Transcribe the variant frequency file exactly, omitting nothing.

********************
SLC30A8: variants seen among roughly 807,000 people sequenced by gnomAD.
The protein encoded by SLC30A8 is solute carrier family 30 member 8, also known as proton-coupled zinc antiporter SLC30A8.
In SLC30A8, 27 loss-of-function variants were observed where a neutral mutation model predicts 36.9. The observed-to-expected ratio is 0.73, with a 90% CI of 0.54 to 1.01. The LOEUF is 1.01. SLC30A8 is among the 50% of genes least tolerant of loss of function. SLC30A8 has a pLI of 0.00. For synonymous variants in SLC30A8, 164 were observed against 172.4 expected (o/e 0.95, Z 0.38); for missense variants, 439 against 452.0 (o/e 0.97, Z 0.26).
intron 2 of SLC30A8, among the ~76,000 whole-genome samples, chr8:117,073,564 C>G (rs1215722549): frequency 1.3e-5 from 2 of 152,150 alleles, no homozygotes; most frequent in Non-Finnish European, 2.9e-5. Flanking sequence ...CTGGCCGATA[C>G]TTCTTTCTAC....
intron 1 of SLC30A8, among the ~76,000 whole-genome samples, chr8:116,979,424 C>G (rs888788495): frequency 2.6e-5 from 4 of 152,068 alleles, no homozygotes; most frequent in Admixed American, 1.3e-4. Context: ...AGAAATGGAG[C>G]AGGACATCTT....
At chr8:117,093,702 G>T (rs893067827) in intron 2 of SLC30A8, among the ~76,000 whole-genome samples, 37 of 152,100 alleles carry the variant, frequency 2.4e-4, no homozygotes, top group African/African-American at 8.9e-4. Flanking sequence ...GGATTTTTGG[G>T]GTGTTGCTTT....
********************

SLC30A8: variants seen among roughly 807,000 people sequenced by gnomAD.
The protein encoded by SLC30A8 is solute carrier family 30 member 8, also known as proton-coupled zinc antiporter SLC30A8.
In SLC30A8, 27 loss-of-function variants were observed where a neutral mutation model predicts 36.9. The observed-to-expected ratio is 0.73, with a 90% CI of 0.54 to 1.01. The LOEUF is 1.01. SLC30A8 is among the 50% of genes least tolerant of loss of function. SLC30A8 has a pLI of 0.00. For synonymous variants in SLC30A8, 164 were observed against 172.4 expected (o/e 0.95, Z 0.38); for missense variants, 439 against 452.0 (o/e 0.97, Z 0.26).
intron 2 of SLC30A8, among the ~76,000 whole-genome samples, chr8:117,073,564 C>G (rs1215722549): frequency 1.3e-5 from 2 of 152,150 alleles, no homozygotes; most frequent in Non-Finnish European, 2.9e-5. Flanking sequence ...CTGGCCGATA[C>G]TTCTTTCTAC....
intron 1 of SLC30A8, among the ~76,000 whole-genome samples, chr8:116,979,424 C>G (rs888788495): frequency 2.6e-5 from 4 of 152,068 alleles, no homozygotes; most frequent in Admixed American, 1.3e-4. Context: ...AGAAATGGAG[C>G]AGGACATCTT....
At chr8:117,093,702 G>T (rs893067827) in intron 2 of SLC30A8, among the ~76,000 whole-genome samples, 37 of 152,100 alleles carry the variant, frequency 2.4e-4, no homozygotes, top group African/African-American at 8.9e-4. Flanking sequence ...GGATTTTTGG[G>T]GTGTTGCTTT....